The officer, with his assessors, are eagle-eyed to discover every blemish.
A pecuniary fine, or what is more dreaded, the correction of ridicule, overtakes every one who is in fault.
These circumstances have contributed to fix such habits of attention and accuracy, that
instances occur of workmen whose cloth has not been cast at the stamp-office in a period of 20 years.
Exclusive of considerable quantities of home-grown flax, the manufacturers
use yearly of foreign flax, from Riga and (St.)
Petersburg, several tons, amounting in value to more than £800. The
manufacturers are in number 100. The condition of this useful
class of men might be ameliorated, by insuring to them at all times abundance of flax at
a reasonable rate, by continuing the encouragement on the linen branch, and by rescuing the manufactures from a twofold combination of
the brown linen merchants, by which they enhance at pleasure the price of the foreign flax they
sell, and depress the price of the cloth they buy.
Population. - At the time of Dr. Webster's report, the numbers were 689.
At present (1791) the population is 796.
Baptisms, Marriages and Burials for the last 10 Years.
Years. Baptisms. Marriages. Burials.
1781 - 21 4 11
1782 - 20 5 13
1783 - 22 5 13
1784 - 19 1 7
1785 - 21 3 12
1786 - 23 7 4
1787 - 24 5 8
1788 - 18 7 7
1789 - 23 7 10
1790 - 21 3 7
TOTAL - 212 47 92
Excepting 4 or 5 Anti-burgher Seceders, and 3 Episcopalians,
the people in the parish are all members of the Established Church.
There are 3 students of divinity. There are 8 heritors, 3 only, of whom reside.
It may not be entirely foreign to the present article, to notice that by the
late minister of Barrie, who lived in the parish not less than 50 years, it was frequently remarked, that
dying persons expired during the ebbing of the tide. With this remark accords that observation in Pliny's Natural
History (Lib. ii. cap. 98.), quoted from Aristotle, who affirms, that 'no animal expires, unless during the going back of the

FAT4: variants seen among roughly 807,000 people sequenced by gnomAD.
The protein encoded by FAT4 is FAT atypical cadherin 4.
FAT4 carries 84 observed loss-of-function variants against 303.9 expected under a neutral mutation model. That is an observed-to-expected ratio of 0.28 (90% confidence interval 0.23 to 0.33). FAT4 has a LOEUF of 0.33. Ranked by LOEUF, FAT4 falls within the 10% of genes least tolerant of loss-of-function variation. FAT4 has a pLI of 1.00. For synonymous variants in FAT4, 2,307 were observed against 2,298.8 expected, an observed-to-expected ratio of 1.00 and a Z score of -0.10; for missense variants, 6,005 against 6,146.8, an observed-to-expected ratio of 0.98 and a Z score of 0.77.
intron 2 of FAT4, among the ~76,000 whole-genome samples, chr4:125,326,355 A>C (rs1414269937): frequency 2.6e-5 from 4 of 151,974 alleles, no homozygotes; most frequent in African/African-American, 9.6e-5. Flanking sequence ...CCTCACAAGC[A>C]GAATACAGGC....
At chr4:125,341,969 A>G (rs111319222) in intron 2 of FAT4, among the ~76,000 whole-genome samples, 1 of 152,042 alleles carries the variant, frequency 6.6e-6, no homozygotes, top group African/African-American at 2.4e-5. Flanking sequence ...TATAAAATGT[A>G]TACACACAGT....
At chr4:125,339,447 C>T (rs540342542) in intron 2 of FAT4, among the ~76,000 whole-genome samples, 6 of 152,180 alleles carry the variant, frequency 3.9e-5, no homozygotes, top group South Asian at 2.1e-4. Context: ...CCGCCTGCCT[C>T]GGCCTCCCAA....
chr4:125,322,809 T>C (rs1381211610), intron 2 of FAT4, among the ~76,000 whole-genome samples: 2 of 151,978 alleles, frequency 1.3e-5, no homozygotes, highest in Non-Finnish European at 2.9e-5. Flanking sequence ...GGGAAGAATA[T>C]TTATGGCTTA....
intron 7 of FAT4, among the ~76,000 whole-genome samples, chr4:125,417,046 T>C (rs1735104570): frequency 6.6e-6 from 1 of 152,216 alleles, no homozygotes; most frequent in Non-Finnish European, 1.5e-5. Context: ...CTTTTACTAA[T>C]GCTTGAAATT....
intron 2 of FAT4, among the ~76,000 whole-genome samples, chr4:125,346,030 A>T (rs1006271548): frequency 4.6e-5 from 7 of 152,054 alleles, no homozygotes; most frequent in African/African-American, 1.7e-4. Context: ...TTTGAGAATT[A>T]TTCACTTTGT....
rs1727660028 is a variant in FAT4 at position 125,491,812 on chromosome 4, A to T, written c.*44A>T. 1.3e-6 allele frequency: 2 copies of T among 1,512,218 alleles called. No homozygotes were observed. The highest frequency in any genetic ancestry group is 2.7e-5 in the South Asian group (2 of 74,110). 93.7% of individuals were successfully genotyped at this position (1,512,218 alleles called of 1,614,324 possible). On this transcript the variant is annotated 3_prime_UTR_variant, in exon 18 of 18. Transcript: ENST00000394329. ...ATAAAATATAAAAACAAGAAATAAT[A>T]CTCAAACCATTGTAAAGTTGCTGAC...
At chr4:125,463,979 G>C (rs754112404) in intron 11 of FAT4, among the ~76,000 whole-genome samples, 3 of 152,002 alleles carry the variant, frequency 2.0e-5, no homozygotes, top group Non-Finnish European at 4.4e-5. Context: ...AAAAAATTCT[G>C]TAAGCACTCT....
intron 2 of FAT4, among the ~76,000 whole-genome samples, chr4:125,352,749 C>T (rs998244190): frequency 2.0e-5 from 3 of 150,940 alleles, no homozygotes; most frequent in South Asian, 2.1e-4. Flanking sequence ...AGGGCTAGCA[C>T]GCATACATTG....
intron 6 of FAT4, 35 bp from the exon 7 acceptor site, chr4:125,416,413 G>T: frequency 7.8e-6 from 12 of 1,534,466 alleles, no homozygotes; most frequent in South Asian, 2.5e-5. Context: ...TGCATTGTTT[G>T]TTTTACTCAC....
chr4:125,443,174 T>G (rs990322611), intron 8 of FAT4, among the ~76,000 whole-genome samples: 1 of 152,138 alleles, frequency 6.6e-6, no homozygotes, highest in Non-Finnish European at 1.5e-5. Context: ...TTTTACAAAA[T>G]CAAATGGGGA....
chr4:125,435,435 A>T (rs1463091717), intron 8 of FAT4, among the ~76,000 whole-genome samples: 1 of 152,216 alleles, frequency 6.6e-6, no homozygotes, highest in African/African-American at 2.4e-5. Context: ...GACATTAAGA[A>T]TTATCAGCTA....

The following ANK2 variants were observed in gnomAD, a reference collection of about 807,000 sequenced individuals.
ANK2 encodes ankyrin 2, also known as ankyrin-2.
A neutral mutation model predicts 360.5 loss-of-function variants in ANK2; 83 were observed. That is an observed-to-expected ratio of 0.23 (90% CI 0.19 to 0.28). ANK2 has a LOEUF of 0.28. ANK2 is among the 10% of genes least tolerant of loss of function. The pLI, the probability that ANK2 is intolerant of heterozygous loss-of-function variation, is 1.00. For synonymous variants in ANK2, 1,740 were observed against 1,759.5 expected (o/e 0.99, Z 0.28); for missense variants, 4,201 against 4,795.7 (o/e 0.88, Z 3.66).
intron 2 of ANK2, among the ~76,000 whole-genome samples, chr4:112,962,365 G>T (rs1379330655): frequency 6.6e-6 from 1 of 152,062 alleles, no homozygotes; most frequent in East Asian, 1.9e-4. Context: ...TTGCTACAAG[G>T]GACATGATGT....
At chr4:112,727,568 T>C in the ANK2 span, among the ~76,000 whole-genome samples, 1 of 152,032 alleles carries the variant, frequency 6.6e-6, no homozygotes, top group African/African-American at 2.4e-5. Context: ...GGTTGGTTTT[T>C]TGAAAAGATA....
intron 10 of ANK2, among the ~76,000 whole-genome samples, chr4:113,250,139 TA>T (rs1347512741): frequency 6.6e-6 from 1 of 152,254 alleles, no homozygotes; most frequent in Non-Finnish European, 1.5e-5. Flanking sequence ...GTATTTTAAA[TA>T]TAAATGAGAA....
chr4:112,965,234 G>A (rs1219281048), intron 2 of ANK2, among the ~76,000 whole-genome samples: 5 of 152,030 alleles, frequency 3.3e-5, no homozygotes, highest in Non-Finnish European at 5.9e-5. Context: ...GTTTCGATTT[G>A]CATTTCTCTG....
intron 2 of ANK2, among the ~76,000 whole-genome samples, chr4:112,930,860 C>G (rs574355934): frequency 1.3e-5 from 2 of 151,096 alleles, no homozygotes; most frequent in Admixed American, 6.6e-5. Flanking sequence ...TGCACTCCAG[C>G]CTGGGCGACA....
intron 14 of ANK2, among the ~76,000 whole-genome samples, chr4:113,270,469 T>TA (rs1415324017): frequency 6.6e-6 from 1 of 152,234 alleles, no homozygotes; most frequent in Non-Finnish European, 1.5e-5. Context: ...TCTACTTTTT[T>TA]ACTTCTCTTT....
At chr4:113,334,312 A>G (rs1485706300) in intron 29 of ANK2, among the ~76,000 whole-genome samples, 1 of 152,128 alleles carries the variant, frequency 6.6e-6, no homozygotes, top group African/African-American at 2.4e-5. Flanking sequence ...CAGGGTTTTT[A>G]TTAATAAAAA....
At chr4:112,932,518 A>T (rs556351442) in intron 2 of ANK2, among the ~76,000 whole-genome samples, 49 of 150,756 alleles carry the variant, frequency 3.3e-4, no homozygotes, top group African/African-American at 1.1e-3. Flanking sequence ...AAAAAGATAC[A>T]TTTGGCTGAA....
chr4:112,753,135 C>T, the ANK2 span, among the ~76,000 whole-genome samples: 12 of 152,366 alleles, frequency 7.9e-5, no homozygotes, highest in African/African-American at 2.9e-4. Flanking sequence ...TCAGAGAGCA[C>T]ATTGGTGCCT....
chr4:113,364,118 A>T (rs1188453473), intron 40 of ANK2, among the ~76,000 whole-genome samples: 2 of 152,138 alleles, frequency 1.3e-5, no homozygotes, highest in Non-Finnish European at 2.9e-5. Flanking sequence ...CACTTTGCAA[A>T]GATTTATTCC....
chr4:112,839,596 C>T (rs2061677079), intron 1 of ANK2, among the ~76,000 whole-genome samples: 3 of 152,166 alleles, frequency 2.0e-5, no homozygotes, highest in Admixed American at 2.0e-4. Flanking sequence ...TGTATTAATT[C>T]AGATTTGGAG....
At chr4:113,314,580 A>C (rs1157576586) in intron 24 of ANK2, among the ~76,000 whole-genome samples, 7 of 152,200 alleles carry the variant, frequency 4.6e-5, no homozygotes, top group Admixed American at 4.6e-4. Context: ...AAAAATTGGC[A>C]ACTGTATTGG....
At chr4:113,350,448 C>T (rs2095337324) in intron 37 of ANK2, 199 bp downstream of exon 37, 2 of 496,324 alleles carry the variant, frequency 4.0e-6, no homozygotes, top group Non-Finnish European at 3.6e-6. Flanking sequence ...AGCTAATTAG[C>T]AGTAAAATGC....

tide.' To which Pliny adds, 'Observatum id multum in Gallico Oceano, et
duntaxat in homine compertum.'
Stipend, School and Poor. - The living, including the glebe, is something more than
£80 Sterling a-year. The King in patron. The manse, though repaired only 10 years ago, is
hardly a tolerable house. The kirk is an old and sorry building. The office of
schoolmaster has, for many years past, . .
. . been discharged by young men of liberal education, who have successively come forward to preach, to lecture in colleges, and to fill very reputable departments in society.
The annual emoluments are inconsiderable. £5: 11s. Sterling of salary,
£2 as session-clerk's fees, 5s. for each proclamation of banns, 10d. for registering each baptism, 3d. for the registration of each burial, and 1s. 6 d. a quarter, as the average fees for 40 scholars throughout the year, with some trifling gratuities, make up the total sum of the annual income.
The sum of £30 Sterling, arising partly from Sabbath day collections, partly from the rent of some
seats in the church, is the only fund allotted for pious purposes within the parish, and the annual support of the poor.
A small portion of the money is yearly applied by the kirk-session, to furnish with necessary books a few of the children of indigent parents, who are unable to give them a school education without this aid.
The reversion is distributed among the poor. The number on the roll is generally 11.
The poor receive the public charity in their own cottages. A begging native has not been known in the parish for many years.
Beggars from other places abound.
Sheep. - The late institution of the British Wool Society, gives increased importance to the flocks of every district.
The pastures of Barrie may contain 1,000 sheep. In a country where sheep are not the sole object of the farmer's
care, an unexceptionable breed can hardly be expected. The sheep of Barrie have no distinct character.
A few annual recruits imported partly from Fife. partly from the northern counties, lately formed the mixed race.
It was supposed, that the union of the Fife ewe with the northern ram, would have produced a species hardy, and at the same
time fine wool. Disappointment, as to the latter quality in particular,
. . has been the result of some experiments. An introduction of the English breed seemed to promise a species, valuable for wool, and of a large
size. However, a pasture which affords but harsh grass and scanty shelter, was found ill suited to such sheep.
The small Fife sheep, weighing 32 pounds, unites in some measure the advantages of a profitable fleece and a pretty durable constitution, and at present appears best adapted to the
soil. It were desirable, if a breed affording a greater weight of wool could be obtained.
Not less than 12 fleeces, at an average, produce 1 stone of wool. Of the wool, which is generally
sold at 1s. the pound, is manufactured almost every kind of cloth worn in the parish;
hodden, which is mostly used for herds cloaks, and is sold at 1s. 8d. the yard; plaiding, which
is sometimes shaped into a coarse kind of hose, and is sold at 2s. the yard;